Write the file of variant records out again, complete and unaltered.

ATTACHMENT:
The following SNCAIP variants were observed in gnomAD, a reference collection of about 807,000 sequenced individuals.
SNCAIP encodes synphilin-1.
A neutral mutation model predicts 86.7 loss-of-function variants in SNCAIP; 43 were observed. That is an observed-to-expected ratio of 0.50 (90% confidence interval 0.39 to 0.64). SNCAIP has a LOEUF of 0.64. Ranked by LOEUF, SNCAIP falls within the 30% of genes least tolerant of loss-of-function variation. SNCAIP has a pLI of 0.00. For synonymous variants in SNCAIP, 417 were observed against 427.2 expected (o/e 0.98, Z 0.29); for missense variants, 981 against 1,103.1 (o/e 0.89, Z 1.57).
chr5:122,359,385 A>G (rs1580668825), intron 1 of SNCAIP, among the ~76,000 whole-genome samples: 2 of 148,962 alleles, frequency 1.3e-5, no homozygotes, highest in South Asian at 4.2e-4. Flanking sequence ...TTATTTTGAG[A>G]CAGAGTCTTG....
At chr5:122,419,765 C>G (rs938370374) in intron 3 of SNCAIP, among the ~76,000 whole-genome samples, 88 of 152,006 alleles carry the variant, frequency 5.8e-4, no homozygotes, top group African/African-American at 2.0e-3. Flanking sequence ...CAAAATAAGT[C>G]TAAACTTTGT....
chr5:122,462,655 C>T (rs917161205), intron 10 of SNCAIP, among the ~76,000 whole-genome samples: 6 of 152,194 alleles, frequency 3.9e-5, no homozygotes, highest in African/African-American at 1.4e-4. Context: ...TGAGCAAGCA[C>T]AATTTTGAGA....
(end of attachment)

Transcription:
The following SNCAIP variants were observed in gnomAD, a reference collection of about 807,000 sequenced individuals.
SNCAIP encodes synphilin-1.
A neutral mutation model predicts 86.7 loss-of-function variants in SNCAIP; 43 were observed. That is an observed-to-expected ratio of 0.50 (90% confidence interval 0.39 to 0.64). SNCAIP has a LOEUF of 0.64. Ranked by LOEUF, SNCAIP falls within the 30% of genes least tolerant of loss-of-function variation. SNCAIP has a pLI of 0.00. For synonymous variants in SNCAIP, 417 were observed against 427.2 expected (o/e 0.98, Z 0.29); for missense variants, 981 against 1,103.1 (o/e 0.89, Z 1.57).
chr5:122,359,385 A>G (rs1580668825), intron 1 of SNCAIP, among the ~76,000 whole-genome samples: 2 of 148,962 alleles, frequency 1.3e-5, no homozygotes, highest in South Asian at 4.2e-4. Flanking sequence ...TTATTTTGAG[A>G]CAGAGTCTTG....
At chr5:122,419,765 C>G (rs938370374) in intron 3 of SNCAIP, among the ~76,000 whole-genome samples, 88 of 152,006 alleles carry the variant, frequency 5.8e-4, no homozygotes, top group African/African-American at 2.0e-3. Flanking sequence ...CAAAATAAGT[C>G]TAAACTTTGT....
chr5:122,462,655 C>T (rs917161205), intron 10 of SNCAIP, among the ~76,000 whole-genome samples: 6 of 152,194 alleles, frequency 3.9e-5, no homozygotes, highest in African/African-American at 1.4e-4. Context: ...TGAGCAAGCA[C>T]AATTTTGAGA....